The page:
This article courtesy of the Adorama Imaging Resource Center, part of the Adorama Camera retailer.
You’ll never get rich doing street photography. And unless you’re Martin Parr, Joel Meyrowitz, or Jeff Mermelstein, you probably won’t become famous, either. But you’ll hone your skills as a photographer, and grow as a person.
I’ve been a street photographer since 1976, when I had the good fortune of attending a workshop with the legendary Garry Winogrand. While my career has gone more towards writing about photography and editing photo magazines and contributing to photography-related web sites (like I said, street photography won’t make you rich), the streets always entice me back.
What is street photography, and why are so many photographers enthralled by it?
First, let’s define street photography. The quick definition is that it’s taking candid photos of strangers in public places. Most street photos are taken on city sidewalks, but they’ve also been taken in zoos, amusement parks, airports (before camera use was banned), rodeos, and parks. In fact, anyplace where people might be is fair game.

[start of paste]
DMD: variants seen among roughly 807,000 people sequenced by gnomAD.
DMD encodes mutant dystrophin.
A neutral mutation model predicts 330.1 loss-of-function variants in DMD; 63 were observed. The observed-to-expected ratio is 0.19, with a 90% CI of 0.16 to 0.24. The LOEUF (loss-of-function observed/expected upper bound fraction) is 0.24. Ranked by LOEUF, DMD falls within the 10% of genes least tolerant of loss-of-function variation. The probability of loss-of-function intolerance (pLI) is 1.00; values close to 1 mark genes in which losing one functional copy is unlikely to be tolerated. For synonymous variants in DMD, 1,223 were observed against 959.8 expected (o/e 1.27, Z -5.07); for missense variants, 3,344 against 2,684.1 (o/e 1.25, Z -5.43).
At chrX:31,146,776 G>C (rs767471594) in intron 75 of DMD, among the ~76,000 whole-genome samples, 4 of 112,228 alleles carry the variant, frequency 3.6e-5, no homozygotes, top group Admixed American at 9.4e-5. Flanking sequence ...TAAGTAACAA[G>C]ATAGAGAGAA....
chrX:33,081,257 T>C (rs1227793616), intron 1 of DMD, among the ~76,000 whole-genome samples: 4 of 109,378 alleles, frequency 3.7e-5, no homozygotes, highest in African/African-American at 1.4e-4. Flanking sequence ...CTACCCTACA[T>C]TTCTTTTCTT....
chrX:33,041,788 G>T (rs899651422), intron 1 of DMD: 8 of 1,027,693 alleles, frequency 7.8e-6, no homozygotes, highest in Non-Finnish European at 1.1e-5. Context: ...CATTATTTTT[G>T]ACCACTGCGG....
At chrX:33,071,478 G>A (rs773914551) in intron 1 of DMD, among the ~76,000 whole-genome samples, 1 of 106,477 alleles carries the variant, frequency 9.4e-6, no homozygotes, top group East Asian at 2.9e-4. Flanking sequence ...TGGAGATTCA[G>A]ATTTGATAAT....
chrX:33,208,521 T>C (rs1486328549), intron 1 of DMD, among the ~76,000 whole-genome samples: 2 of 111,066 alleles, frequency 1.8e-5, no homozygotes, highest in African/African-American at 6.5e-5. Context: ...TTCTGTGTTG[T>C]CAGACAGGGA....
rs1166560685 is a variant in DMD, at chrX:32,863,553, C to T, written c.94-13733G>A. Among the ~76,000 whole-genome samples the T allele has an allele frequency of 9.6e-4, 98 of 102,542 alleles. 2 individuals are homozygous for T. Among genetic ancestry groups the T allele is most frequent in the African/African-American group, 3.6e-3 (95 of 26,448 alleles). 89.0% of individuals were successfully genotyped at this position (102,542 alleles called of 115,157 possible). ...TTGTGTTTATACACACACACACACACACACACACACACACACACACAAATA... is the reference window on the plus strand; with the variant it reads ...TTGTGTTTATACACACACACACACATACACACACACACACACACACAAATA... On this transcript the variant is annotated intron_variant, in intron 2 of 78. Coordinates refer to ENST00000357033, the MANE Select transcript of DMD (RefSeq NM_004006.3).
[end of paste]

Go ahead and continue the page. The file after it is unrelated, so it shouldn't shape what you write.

Traditional composition rules (such as keeping horizons straight, placing subjects in the center or along the intersection of invisible lines that divide an image in thirds) are less important than capturing the moment when interactions between people and their surroundings peak.
For example, horizons may not be perfectly horizontal; however, one well-known street shooter would always look for a vertical line near the edge of the frame, and used that as a rule for including photos when editing his work.
Street photographers tend to take a lot of pictures, and have a low “success” rate. That’s because they are photographing the most challenging of subjects, the rapidly changing real world, full of unpredictable moments and infinite variations. The ratio of images where everything comes together compared to those that miss is quite low. And so, careful image editing is an important aspect of street photography.
When all the elements–action, composition and exposure–come together, it’s sweet. And addicting. Ask any street photographer.
And that’s the first reason why street photographers keep doing what they do. Here are some more reasons:
Street Photography hones your photographic vision